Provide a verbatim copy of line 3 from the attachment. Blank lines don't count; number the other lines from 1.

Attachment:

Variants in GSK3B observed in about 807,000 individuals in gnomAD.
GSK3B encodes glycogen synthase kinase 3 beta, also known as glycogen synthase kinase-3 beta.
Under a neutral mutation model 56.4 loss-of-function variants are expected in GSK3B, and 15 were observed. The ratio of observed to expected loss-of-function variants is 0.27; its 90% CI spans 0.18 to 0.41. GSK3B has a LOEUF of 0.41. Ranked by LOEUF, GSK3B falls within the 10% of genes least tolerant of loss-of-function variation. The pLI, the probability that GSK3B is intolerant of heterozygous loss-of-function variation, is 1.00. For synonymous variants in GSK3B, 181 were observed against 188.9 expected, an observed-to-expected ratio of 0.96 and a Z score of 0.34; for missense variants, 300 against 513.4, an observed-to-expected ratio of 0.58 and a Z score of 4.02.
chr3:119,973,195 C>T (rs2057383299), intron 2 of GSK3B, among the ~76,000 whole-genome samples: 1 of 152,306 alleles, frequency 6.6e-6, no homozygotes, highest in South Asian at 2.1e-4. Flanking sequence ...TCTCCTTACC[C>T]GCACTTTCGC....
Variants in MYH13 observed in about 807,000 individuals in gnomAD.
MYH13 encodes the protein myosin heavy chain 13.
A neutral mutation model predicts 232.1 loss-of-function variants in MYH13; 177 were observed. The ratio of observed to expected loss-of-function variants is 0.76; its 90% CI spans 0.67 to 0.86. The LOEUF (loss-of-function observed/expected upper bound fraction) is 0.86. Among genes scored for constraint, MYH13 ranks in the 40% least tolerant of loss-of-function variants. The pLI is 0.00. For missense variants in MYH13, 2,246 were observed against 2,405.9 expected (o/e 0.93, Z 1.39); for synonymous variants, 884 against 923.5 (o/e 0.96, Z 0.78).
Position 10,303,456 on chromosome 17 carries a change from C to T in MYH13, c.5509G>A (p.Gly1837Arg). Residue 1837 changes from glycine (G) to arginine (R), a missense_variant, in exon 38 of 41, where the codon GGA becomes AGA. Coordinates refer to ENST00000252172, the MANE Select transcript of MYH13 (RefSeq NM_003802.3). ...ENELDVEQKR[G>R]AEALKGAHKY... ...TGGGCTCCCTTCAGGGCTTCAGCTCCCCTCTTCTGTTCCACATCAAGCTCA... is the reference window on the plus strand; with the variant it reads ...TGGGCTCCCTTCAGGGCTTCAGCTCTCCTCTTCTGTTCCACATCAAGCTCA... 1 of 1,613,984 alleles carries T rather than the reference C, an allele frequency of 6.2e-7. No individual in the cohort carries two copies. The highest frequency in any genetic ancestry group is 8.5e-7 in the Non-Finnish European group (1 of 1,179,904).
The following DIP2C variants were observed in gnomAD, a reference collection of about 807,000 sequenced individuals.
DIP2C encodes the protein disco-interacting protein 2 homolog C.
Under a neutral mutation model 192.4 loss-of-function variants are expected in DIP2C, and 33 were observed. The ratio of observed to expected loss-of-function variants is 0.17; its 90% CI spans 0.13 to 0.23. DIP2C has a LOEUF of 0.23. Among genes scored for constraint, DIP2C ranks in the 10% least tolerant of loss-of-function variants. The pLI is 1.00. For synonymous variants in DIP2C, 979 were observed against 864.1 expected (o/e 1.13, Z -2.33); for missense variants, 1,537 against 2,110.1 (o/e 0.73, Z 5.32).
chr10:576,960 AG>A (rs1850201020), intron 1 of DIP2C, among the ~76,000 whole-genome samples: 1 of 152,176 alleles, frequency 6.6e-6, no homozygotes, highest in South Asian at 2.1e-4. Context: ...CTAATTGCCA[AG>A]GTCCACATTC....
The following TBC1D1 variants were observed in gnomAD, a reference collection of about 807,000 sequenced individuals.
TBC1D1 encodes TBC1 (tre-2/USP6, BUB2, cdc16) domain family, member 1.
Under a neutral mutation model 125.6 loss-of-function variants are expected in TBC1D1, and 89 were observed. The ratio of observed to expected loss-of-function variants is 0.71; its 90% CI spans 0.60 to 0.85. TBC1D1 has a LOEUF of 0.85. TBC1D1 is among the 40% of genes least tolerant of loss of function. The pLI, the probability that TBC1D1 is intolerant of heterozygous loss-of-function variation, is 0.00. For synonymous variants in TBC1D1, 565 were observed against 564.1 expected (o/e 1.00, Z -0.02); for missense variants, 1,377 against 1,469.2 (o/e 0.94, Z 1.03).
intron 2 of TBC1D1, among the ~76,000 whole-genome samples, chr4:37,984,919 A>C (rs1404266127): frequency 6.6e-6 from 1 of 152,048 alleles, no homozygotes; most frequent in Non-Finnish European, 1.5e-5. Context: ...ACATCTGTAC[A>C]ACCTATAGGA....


Under a neutral mutation model 56.4 loss-of-function variants are expected in GSK3B, and 15 were observed. The ratio of observed to expected loss-of-function variants is 0.27; its 90% CI spans 0.18 to 0.41. GSK3B has a LOEUF of 0.41. Ranked by LOEUF, GSK3B falls within the 10% of genes least tolerant of loss-of-function variation. The pLI, the probability that GSK3B is intolerant of heterozygous loss-of-function variation, is 1.00. For synonymous variants in GSK3B, 181 were observed against 188.9 expected, an observed-to-expected ratio of 0.96 and a Z score of 0.34; for missense variants, 300 against 513.4, an observed-to-expected ratio of 0.58 and a Z score of 4.02.